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What is Folic Acid?

Folic acid, a member of the Vitamin B family, has been shown to prevent birth defects; it is especially effective as a guard against infant spina bifida, and is an essential nutrient for expectant mothers. It is also required for the development of red blood cells and proper metabolic function.

There are indications that folic acid may be effective in alleviating an amazingly wide variety of conditions: depression, epilepsy, schizophrenia, arthrosclerosis, gingivitis, gout, diarrhea, and even heart disease and cancer.

The Positives of Folic Acid Use:
One of the best benefits of Folic Acid is for women who are trying to fall pregnant, and those who are pregnant. Folic Acid helps with the healthy development of the fetus, and can help to prevent conditions such as spina bifida and other neural tube defects that are known as devastating conditions.

Women who are either pregnant, or trying to conceive, will benefit immensely by taking Folic Acid. Contributing to the healthy fetal development, Folic Acid is one of the best safeguards against neural and spinal birth defects, including the catastrophic spina bifida.

But the benefits of Folic Acid extend well beyond pregnancy. By lowering homocysteine blood levels, Folic Acid maintains heart health. Elevated homocysteine will accelerate the development of arterial plaque, and increase the risk of heart disease.

Because increased homocysteine levels have also been linked to depression, depression sufferers may also benefit from taking Folic Acid.

Use of Folic Acid has also been shown to increase energy levels, and Folic Acid may also be one of the nutrients capable of counteracting Alzheimer’s disease.

What to Avoid When Using Folic Acid?
Folic acid can have some serious side effects if too much is taken every day.

Although elderly women and those who are either pregnant, or intending to become so, will benefit from increased intake of Folic acid, the Recommended Daily Allowance for others has been established as 400 mcg per day. Dosages in the range of 5000-1000mcg have been shown to be harmful.

And adding Folic Acid as a dietary supplement can cause anemia, resulting from a Vitamin B12 deficiency. Nicola Reavley, in an excerpt form p. 108 of the nutritional encyclopedia “New Encyclopedia Vitamins, Minerals, Supplements, & Herbs”, states:

“Large amounts of folic acid can mask anemia caused by Vitamin B12 deficiency. Although this is rare, in some cases it may lead to permanent nerve damage."

She further recommends that those who already suffer from anemia, unless their physician has determined that it is not pernicious anemia, restrict their intake of Folic Acid to the Recommended Daily Allowance.

Some people suggest that Folic Acid should not be consumed as a stand alone supplement and taken with vitamin B12 or as part of a more comprehensive formula where not only b12 are used, but other important vitamins, minerals, herbs, and amino acids.

There are those who believe Folic Acid, in order to avoid imbalances, needs to be consumed with either a Vitamin B12 supplement, or a multi-nutrient formula which includes other essential vitamins, minerals, herbal extracts, and amino acids in addition to B12.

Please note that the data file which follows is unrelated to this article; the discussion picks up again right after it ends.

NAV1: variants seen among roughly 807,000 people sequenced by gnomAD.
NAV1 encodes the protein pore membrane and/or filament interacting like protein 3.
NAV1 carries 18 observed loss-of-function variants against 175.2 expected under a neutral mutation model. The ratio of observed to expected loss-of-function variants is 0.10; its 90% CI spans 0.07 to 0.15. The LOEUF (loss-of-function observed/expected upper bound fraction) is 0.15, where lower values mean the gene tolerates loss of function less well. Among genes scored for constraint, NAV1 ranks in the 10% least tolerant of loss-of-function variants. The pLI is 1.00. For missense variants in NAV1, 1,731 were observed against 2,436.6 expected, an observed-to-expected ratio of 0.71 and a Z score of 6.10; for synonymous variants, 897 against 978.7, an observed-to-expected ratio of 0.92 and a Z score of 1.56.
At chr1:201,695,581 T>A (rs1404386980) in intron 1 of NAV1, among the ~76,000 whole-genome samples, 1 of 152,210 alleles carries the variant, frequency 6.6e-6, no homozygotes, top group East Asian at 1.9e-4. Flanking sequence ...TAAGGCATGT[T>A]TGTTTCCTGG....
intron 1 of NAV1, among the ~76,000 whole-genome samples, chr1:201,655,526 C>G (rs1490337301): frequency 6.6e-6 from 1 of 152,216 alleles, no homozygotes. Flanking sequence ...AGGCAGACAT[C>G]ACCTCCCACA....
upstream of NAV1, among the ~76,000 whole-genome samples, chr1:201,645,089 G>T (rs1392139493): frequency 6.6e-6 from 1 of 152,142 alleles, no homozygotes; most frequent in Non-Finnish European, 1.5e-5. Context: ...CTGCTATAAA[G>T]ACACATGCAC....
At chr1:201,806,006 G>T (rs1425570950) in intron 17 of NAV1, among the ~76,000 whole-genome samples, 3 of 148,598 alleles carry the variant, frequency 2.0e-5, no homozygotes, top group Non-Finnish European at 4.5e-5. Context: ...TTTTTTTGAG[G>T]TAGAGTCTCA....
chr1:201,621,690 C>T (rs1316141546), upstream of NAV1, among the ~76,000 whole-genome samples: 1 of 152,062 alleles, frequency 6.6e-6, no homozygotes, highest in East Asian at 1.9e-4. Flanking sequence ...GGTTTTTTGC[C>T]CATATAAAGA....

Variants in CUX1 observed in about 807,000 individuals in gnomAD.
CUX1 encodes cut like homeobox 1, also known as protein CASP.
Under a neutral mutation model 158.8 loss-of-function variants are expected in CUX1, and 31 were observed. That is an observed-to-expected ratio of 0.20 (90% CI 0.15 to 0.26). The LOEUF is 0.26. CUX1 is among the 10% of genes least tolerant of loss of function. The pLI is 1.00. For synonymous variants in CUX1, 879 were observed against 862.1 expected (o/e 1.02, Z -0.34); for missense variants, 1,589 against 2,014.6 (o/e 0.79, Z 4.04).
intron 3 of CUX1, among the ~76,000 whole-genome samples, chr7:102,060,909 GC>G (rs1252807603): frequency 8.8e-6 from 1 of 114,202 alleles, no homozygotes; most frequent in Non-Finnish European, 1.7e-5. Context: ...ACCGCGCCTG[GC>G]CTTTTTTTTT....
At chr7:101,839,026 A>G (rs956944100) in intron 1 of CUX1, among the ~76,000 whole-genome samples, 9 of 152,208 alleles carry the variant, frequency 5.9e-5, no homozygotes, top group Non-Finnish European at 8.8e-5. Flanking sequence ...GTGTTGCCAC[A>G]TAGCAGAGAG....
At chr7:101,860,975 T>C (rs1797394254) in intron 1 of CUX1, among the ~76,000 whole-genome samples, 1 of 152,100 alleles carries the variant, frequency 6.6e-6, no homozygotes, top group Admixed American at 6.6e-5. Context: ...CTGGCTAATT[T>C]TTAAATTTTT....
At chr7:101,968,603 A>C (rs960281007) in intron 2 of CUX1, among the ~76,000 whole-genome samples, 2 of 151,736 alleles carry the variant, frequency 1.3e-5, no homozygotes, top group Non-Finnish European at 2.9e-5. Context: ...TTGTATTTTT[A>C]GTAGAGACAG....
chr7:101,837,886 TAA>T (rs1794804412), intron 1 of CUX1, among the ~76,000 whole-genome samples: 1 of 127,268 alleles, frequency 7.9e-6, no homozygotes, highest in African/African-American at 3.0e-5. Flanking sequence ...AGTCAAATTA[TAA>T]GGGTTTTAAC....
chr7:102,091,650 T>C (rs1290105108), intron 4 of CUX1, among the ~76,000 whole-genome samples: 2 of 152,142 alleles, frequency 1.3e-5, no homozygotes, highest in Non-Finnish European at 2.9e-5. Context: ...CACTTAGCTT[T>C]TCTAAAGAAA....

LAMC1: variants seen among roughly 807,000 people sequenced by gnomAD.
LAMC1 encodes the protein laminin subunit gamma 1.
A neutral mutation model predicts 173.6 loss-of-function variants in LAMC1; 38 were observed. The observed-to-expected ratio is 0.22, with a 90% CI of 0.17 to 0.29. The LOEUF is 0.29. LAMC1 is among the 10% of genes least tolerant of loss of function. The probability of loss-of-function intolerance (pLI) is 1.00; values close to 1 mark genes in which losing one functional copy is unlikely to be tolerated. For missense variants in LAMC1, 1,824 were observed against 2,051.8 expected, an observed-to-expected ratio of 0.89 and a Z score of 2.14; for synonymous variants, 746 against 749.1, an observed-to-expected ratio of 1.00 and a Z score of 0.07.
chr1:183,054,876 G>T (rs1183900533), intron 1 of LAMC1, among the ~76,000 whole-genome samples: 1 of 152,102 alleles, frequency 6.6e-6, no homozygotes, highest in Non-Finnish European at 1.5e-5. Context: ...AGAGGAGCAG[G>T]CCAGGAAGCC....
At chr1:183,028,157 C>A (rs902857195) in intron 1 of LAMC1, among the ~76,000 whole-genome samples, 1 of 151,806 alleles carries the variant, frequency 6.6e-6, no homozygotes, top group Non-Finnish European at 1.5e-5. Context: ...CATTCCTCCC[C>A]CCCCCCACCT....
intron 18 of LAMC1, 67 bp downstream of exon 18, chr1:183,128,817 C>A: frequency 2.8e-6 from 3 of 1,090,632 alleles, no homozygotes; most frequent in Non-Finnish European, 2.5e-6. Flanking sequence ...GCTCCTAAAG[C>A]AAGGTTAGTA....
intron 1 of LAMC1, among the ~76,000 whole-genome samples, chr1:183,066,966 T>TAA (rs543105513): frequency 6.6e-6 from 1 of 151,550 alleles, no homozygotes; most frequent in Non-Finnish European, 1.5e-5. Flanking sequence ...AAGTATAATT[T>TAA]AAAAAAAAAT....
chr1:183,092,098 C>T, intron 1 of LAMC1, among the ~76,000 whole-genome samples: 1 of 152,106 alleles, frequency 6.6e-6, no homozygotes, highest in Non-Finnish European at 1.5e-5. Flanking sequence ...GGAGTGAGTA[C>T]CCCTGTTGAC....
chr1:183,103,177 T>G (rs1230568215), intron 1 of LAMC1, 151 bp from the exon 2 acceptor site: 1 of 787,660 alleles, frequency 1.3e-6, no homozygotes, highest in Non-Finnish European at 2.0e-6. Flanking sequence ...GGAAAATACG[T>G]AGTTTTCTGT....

For example, the book, “The Healing Power of Vitamins, Mineral, and Herbs’, published by Reader’s Digest, states, on p. 293, “Buy a folic acid supplement that also contains vitamin B12 (too much of one can mask a deficiency in the other)."

Because the previously mentioned side effects of Folic Acid are rare, and usually result from overdosing, it’s good to remember that a deficiency in Folic Acid intake can result in anemia. If you decide to begin using it, and notice a change in your health, notify your doctor immediately. If necessary, visit an emergency room

Folic Acid and Allergic Reactions:
Folic Acid consumption can result in severe allergic reactions; these can appear in the form of labored breathing, rashes and itching, dizziness and inflammation. If you experience any of these, get medical help immediately.

If you are already pregnant, or are nursing, and want to begin taking Folic Acid, talk to your physician first.

And, as reported by recent news sources, women trying to become pregnant via in vitro fertilization will be interested to know that, taken after a fertility treatment, folic acid may increase the chances of twins.

Other methods of fertilization have also been shown to raise the odds of multiple births, but until a short time ago, Folic Acid was not known to have this effect.

Our Take on Folic Acid:
Because the nutritional value of Folic Acid found in food is destroyed by cooking or storage, we believe it should be consumed as a supplement. And because our bodies cannot store Folic Acid as a reserve, we recommend that it be taken daily.

Numerous experts agree that supplements added to the Folic Acid provide in one’s diet are the best guarantees of getting its benefits, especially for those who suffer from Folic Acid deficiency.

If you would prefer to get your Folic Acid from food, increase your consumption of whole grains, green vegetables, and beans.

And, many refined foods have been fortified with Folic Acid, but they are far from the ideal source. Our recommendation on the best way to benefit from folic acid is through supplements.

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